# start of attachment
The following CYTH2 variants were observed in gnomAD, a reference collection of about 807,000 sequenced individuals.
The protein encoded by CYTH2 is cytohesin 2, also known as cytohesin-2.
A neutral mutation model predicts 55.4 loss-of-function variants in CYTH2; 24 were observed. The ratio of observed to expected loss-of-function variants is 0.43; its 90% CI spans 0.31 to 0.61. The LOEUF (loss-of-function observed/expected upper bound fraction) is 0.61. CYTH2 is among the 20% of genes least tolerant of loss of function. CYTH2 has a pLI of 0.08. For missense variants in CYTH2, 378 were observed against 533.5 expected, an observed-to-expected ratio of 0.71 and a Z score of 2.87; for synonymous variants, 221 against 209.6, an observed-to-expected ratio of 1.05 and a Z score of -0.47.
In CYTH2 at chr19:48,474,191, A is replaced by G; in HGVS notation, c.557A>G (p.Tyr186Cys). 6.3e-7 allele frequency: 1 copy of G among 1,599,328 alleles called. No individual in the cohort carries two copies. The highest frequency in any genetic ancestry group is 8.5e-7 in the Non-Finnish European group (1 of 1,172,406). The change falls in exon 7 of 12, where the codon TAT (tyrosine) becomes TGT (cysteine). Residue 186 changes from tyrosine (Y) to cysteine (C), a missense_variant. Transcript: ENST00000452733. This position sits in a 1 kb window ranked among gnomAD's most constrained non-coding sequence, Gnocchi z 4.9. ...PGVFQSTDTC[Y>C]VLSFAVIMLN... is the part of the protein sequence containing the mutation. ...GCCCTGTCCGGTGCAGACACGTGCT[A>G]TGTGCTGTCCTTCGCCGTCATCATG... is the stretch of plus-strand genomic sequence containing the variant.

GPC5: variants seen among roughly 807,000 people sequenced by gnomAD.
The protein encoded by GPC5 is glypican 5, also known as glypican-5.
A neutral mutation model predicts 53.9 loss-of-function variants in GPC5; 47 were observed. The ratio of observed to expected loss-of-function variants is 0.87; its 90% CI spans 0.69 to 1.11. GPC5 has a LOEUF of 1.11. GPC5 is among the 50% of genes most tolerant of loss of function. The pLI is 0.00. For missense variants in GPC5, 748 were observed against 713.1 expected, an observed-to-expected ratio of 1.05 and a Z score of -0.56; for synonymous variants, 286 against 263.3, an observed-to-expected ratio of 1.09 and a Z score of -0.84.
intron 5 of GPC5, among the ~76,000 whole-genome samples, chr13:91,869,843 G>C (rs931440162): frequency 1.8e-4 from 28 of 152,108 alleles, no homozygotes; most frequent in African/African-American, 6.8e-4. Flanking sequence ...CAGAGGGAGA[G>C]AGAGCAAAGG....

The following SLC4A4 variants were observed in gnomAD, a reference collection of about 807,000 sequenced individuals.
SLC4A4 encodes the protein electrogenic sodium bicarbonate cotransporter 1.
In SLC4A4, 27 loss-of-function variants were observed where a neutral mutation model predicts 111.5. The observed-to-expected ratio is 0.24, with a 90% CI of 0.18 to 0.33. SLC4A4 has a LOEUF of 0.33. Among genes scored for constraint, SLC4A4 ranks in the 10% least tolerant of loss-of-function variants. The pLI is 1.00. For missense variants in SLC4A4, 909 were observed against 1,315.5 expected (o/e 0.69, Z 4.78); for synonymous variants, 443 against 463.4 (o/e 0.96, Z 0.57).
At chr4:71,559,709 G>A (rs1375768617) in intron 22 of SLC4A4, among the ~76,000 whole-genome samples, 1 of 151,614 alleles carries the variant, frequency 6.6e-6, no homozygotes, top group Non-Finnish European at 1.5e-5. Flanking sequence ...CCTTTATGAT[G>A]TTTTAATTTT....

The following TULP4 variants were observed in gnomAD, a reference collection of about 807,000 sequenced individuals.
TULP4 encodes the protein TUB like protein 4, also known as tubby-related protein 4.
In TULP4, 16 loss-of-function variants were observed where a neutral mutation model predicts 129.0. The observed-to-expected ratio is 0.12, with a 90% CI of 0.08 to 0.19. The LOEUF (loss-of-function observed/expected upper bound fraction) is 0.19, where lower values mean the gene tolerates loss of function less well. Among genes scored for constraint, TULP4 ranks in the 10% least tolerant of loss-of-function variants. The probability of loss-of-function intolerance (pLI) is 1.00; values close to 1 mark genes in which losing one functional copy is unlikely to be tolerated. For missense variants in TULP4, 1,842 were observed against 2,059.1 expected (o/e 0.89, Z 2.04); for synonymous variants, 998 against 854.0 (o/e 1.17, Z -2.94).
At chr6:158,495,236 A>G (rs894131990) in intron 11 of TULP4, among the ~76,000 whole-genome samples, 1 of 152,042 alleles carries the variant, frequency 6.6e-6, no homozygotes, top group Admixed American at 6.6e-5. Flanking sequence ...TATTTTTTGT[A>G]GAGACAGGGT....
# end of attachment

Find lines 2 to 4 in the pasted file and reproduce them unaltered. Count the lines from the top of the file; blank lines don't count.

The protein encoded by CYTH2 is cytohesin 2, also known as cytohesin-2.
A neutral mutation model predicts 55.4 loss-of-function variants in CYTH2; 24 were observed. The ratio of observed to expected loss-of-function variants is 0.43; its 90% CI spans 0.31 to 0.61. The LOEUF (loss-of-function observed/expected upper bound fraction) is 0.61. CYTH2 is among the 20% of genes least tolerant of loss of function. CYTH2 has a pLI of 0.08. For missense variants in CYTH2, 378 were observed against 533.5 expected, an observed-to-expected ratio of 0.71 and a Z score of 2.87; for synonymous variants, 221 against 209.6, an observed-to-expected ratio of 1.05 and a Z score of -0.47.
In CYTH2 at chr19:48,474,191, A is replaced by G; in HGVS notation, c.557A>G (p.Tyr186Cys). 6.3e-7 allele frequency: 1 copy of G among 1,599,328 alleles called. No individual in the cohort carries two copies. The highest frequency in any genetic ancestry group is 8.5e-7 in the Non-Finnish European group (1 of 1,172,406). The change falls in exon 7 of 12, where the codon TAT (tyrosine) becomes TGT (cysteine). Residue 186 changes from tyrosine (Y) to cysteine (C), a missense_variant. Transcript: ENST00000452733. This position sits in a 1 kb window ranked among gnomAD's most constrained non-coding sequence, Gnocchi z 4.9. ...PGVFQSTDTC[Y>C]VLSFAVIMLN... is the part of the protein sequence containing the mutation. ...GCCCTGTCCGGTGCAGACACGTGCT[A>G]TGTGCTGTCCTTCGCCGTCATCATG... is the stretch of plus-strand genomic sequence containing the variant.